A couple of days ago, I got two additions to my household in the form of chickens sent to me by the family of my guardien. I have a rooster and a hen, and hopefully soon eggs will appear. My rooster has an especially melodious call, which, I am happy to report, he waits until sunrise to begin sharing with the world.
By design, my bedroom is at the opposite end of the house from the space we have allocated to our feathered friends.
In addition to being New Year’s Day, January 1st was Raschid’s 5th birthday. So I went down to Djibi’s house to celebrate with his family. Raschid got a variety of toys of the Chinese electronic noise making- variety, including a parrot that sang and squawked and zipped about and (improbably, since by its coloration it was a male) laid eggs. Raschid was entranced. He likes music, and he can really dance. Here he is dancing with his Uncle Djibi.
The next morning, Djibi and I and his friend Drabo from Mali set off on motor scooters for the little village of Loumbila, where a friend of Djibi lives. The village is on the main road to the northeast from the city, and in principle the new airport of Ouagadougou will be out there some day. The proposed opening date was December, 2017, but since they have yet to break ground at the site one assumes that schedule won’t be observed. Ouaga needs a new airport; the current one is right in the middle of the city. In fact, as you pass through the big intersection near Djibi’s house, you can look right down the runway. When the landing lights are on at night it is a heck of a sight with the glide path lights shining right in your eyes. If a plane were ever to overrun the runway when landing from the north the results would be catastrophic. The only thing that’s happened so far on the construction job though, aside from the expenditure of very large sums of money, is a bunch of road work that is happening right in Djibi’s friend’s front yard. The road is being widened and in the meantime it is a dusty mess. The village is 13 km from the edge of town, and the airport will be another dozen kilometers further down the road. I guess they are expecting the city to grow in this direction.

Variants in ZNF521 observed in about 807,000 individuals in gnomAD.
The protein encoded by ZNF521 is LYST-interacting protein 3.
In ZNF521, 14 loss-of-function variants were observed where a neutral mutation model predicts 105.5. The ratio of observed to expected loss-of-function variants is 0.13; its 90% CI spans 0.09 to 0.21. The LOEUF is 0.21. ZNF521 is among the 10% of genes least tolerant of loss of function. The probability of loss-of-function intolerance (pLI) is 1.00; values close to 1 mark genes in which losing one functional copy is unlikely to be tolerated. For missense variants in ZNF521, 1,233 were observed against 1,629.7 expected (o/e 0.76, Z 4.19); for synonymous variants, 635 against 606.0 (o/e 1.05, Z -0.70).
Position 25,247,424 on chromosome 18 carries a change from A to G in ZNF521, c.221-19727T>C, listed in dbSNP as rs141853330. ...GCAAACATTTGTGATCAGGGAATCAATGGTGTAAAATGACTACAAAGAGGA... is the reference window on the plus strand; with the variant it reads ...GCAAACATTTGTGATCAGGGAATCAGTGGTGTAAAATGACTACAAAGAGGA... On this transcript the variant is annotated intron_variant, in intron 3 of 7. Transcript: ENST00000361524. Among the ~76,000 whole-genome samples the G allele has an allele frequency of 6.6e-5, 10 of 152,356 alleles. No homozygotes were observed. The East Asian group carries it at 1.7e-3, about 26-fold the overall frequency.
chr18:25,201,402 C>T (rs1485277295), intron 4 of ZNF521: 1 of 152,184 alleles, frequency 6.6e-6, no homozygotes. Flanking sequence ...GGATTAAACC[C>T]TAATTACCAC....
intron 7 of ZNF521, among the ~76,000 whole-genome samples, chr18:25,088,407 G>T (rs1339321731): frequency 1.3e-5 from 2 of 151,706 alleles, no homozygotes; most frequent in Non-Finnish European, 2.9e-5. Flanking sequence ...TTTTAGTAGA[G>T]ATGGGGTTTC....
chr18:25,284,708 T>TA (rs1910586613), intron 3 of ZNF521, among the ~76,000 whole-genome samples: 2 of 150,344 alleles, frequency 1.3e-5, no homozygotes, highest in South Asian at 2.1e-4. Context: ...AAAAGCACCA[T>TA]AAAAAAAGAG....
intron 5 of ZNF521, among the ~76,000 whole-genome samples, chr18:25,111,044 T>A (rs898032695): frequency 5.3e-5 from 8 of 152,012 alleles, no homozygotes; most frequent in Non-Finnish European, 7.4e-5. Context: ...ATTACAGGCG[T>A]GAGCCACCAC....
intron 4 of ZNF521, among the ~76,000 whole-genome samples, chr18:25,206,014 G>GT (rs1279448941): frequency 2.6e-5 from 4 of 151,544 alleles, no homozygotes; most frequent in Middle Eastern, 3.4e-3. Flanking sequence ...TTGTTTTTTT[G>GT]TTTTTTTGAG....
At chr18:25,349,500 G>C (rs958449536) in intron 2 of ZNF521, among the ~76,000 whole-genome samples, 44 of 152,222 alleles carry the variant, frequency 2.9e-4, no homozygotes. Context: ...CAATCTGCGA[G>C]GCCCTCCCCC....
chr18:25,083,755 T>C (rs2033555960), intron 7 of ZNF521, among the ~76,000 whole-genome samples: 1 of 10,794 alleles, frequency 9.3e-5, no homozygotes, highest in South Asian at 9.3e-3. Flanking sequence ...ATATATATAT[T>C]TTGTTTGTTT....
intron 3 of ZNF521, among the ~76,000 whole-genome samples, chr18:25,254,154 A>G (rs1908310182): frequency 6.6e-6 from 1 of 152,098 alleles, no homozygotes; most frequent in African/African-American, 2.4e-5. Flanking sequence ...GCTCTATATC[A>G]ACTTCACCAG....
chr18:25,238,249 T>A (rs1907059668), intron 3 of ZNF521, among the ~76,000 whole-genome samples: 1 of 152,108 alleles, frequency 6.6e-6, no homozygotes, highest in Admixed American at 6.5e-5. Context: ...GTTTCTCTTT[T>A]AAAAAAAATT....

We sat around under a tree with a little charcoal brazier and made glasses of hot super-sweet tea and talked money and government. Apparently, Djibi’s friend has a piece of land, except that his title is somehow uncertain. It is especially important because if they do end up building the airport out here, his land is going to become much more valuable. So apparently, people in the local land title registration bureau are either holding him up for a bribe or somehow screwing with his title in the interests of some more powerful (or deep-pocketed) claimant. It was quite the Sahelian village scene, though, talking and drinking tea as the local domesticated animals scavenged.
I take it from the presence of the pigs that the village is religiously mixed, something that happens quite a bit in Burkina without the bad effects that have been noted in other African countries. My friends are Muslims so when the pigs got too close they threw gravel. Down the road a bit towards the town is the home of a bunch of Catholic nuns, who have a restaurant and a bakery. I marked that down as a destination for a future bike ride.
The village has a quite large lake nearby, with (I am told) a bit of a beach you can swim from and jet skis for rent. Not that I would rent a jet ski, but it is a nice thought. When it gets hot as heck in a couple months, I might come back and try out the beach, too. And a few miles farther on there are rock carvings from the Paleolithic and Blaise Compaoré’s wildlife park, now open to the public for a modest bribe, I mean fee, to the guardians. Hopefully, they use the money to take care of the animals.
When we got back from Loumbila it was time for me to hop on my bike and head over to Todd Sargent’s house for a bit of American culture. This being New Year’s weekend, there are a ton of football games. My alma mater’s team, the Oregon Ducks, were playing in one of them. Unfortunately, the game started at 11:45 pm. Ouaga time, and even more unfortunately, when the game was over at 4:00 a.m., they Ducks had lost. So I had to ride home at dawn, when the curfew lifted, with the sour taste of defeat in my mouth. Oh, well, wait till next year.
Being out on your bike at 6 AM here is actually kind of nice. It is cold, noticeably so for somebody in short sleeves even if they come from Oregon, and there is almost nobody on the streets. Riding through the “changeur” cloverleaf, I was completely on my own, whereas usually it is a harrowing passage through big trucks, hurtling Mercedes, and plenty of bikes and motos.